Post-Mother’s day is usually a slump where smart people use the time to catch up on greenhouse maintenance projects – fixing plumbing issues, weed management, potting up liners that have been chilling, waiting patiently for attention. Tending to critical issues that came up during the Spring rush that had to hear “it’ll have to wait.”

Meanwhile, there’s me.

I find the most solace in propagation. There’s something about the focus that’s deadening. Just find something ready to chop and chop it. Stick it in sphagnum and set it on the “settling” bench for a couple of weeks before sorting it out to its proper bench. It’s a great way to unwind from the rush and tumble that’s processing orders, but it also presents a terrible conundrum – too many plants. For a nursery owner, it’s a good problem to have as long as you don’t associate it with slow sales. Propagation is a critical facet of nursery life, but it’s also something that doesn’t need to occur nearly as often as I do it. It’s that little dopamine rush with decapitation that defines the fine line between horticulturist and psychopath.

Of course, it takes a true plant lover to find therapy in cultivation – it’s not just a product you’re offering. It’s the difference between a passion and a job. I enjoyed plants long before selling my first one and it will take work to maintain that relationship. So many hobbies-turned-business end in dismay. What once brought you great joy is now associated with stress, bills, and unhappy people. I’ve always kept the peace between the two because of the joy I find in propagation. Find something ready to chop and chop it. Aerial root present? Node fully formed? Chop it. Stick it. Prop it. Happy. Check on it in a week. Two weeks. Three weeks. It’s happy and growing. Dopamine rush. I am the master of the greenhouse. Mother Gaia.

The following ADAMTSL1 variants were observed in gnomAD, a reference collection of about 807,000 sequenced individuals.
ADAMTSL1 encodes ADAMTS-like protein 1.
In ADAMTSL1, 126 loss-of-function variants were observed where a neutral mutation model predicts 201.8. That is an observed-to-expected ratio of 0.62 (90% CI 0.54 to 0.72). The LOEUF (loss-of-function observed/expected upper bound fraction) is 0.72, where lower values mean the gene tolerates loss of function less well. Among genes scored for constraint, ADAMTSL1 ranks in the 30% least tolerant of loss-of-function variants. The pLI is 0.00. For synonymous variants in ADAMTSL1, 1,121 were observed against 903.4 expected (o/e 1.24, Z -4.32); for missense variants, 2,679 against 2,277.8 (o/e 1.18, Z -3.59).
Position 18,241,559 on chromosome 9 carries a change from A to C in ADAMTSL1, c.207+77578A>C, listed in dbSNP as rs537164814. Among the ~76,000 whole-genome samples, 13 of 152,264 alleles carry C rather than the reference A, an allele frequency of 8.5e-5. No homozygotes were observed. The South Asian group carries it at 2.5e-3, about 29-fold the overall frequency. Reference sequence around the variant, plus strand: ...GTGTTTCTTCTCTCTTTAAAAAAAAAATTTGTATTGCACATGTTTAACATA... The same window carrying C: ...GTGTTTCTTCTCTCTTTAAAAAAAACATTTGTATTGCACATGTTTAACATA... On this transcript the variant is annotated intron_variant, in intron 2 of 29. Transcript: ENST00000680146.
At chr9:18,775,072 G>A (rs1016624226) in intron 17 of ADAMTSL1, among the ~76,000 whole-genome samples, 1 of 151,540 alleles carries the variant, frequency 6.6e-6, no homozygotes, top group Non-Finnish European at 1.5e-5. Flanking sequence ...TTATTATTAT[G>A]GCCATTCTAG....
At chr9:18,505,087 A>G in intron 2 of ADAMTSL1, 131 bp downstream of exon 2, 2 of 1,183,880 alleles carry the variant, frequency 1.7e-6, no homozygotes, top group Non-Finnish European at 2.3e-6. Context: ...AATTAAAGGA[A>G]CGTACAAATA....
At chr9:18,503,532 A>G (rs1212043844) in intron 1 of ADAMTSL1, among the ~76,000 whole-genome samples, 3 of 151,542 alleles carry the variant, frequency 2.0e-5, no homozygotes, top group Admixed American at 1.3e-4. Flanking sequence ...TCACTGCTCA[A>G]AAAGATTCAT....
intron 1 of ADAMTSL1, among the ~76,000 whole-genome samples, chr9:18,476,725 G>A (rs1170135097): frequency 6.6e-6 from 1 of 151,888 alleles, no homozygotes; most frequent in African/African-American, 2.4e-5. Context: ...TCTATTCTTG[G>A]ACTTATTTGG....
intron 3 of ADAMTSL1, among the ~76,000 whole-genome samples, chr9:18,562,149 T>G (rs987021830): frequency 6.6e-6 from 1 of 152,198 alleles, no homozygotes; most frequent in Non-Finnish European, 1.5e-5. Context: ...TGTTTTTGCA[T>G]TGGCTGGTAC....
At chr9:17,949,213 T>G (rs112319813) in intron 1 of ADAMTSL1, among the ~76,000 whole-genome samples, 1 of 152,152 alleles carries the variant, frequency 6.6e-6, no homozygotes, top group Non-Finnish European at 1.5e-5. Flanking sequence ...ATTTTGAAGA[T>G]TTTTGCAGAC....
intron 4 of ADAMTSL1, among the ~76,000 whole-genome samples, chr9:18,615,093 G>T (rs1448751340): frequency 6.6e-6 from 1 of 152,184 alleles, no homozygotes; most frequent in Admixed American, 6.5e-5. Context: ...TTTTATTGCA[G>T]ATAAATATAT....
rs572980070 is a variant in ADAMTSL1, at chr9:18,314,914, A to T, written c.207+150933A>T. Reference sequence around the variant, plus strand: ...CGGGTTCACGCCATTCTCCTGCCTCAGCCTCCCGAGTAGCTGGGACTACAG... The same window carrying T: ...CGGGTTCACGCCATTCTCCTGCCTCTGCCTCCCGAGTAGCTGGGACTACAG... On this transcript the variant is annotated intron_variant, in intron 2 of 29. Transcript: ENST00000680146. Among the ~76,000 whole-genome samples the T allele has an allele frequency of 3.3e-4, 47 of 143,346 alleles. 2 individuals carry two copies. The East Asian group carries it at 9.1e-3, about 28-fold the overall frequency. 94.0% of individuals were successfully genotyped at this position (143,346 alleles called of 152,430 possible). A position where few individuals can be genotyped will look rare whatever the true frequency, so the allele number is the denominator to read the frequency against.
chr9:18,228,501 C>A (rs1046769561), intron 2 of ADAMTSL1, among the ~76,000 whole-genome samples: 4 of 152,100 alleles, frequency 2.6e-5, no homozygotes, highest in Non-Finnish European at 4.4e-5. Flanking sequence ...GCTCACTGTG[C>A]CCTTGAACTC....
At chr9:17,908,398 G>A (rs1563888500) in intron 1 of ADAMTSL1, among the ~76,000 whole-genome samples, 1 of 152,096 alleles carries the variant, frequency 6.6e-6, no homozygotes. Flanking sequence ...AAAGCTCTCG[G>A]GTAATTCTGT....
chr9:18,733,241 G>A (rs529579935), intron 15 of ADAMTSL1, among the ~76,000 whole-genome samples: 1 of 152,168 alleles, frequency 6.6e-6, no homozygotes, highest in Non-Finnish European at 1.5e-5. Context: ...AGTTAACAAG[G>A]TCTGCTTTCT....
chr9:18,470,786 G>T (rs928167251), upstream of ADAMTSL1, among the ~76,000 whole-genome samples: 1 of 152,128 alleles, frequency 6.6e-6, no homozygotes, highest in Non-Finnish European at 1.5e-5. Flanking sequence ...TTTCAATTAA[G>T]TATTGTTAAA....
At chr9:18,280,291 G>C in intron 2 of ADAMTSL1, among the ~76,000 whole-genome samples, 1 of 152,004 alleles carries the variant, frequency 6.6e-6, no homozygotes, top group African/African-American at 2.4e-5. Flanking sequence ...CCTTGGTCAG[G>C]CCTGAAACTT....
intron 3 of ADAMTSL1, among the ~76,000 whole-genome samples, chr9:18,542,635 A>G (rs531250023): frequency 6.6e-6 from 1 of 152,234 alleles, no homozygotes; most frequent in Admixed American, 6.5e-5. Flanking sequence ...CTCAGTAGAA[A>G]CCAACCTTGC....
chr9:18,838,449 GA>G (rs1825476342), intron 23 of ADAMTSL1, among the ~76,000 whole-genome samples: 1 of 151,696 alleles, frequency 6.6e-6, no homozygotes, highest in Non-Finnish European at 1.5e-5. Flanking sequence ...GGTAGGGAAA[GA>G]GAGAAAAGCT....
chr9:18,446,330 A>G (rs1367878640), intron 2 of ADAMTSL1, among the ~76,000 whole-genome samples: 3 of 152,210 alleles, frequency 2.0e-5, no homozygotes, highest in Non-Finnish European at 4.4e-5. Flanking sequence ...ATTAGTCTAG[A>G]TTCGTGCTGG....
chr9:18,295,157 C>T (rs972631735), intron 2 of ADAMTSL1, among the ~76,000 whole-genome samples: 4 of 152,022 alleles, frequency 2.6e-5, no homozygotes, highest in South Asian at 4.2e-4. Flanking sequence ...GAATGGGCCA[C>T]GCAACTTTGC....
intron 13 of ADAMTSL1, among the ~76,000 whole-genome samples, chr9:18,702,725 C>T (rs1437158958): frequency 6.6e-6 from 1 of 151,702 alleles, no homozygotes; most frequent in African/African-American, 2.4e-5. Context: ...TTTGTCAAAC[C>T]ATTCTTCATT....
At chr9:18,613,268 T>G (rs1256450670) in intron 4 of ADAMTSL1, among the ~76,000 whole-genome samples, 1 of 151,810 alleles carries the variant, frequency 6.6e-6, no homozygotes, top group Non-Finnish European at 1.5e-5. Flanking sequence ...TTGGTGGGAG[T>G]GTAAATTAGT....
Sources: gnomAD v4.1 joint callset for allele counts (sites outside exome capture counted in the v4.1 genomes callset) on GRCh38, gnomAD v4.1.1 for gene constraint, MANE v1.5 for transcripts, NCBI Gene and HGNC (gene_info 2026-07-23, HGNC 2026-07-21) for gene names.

At least in my head.

On the outside I’m stressing about a million little things and one project looming on the horizon is cascading toward me like a sandstorm. This nursery is 99% complete. It’s got all the bells and nearly all the whistles. Can’t complain. Except for one thing I had before. And that’s a big one in this state.

This nursery specialized in “classic” crops. Hedera, Epipremnum, a few Maranta, Pilea, and Monstera adansonii. Pretty much Pothos and Ivy. The high tunnels operate as intended. Hot air rises and travels to gable vents where it’s theoretically removed from the greenhouse. Of course, Pothos and Ivy are pretty resilient in even the hottest temperatures. So the nursery did not come equipped with any fans or cooling whatsoever. As the days grow longer, the daytime temperatures grow hotter, and the nights stay warm and wet, heat stress on certain varieties will be unavoidable. Thankfully, growers of past have figured it out. Evaporative cooling is an efficient, effective method of keeping greenhouses cool during the hottest parts of the day. The basic mechanism includes a corrugated cellulose pad (think a big honeycomb wall) that has a spray bar running over it, dripping water over the pad. At the bottom of the pad is a gutter system that returns the dripped water to an underground reservoir where it can be pumped back to the top of the pad.

On the opposite end of the greenhouse are exhaust fans. Big ones. Usually 36″ minimum. They pull air through the drippy wall pads on the other end and cool the tube of air. Part three to the system is a sealed greenhouse. Right now, the mechanism is open air flow which is not very effective when the air is 100 degrees outside. So in order to install and utilize evaporative cooling, the greenhouse has to be sealed, meaning the mesh material that’s composing the walls will be replaced with either plastic sheeting or (preferably) polycarbonate panels. Holes must be repaired and doors must remain closed for there to be enough pressure to pull air through the cooling pads and not through a point of lesser resistance. It’s a sizeable project with a hefty price tag, but a necessary one if I want to keep happy plants through the Central Florida summer.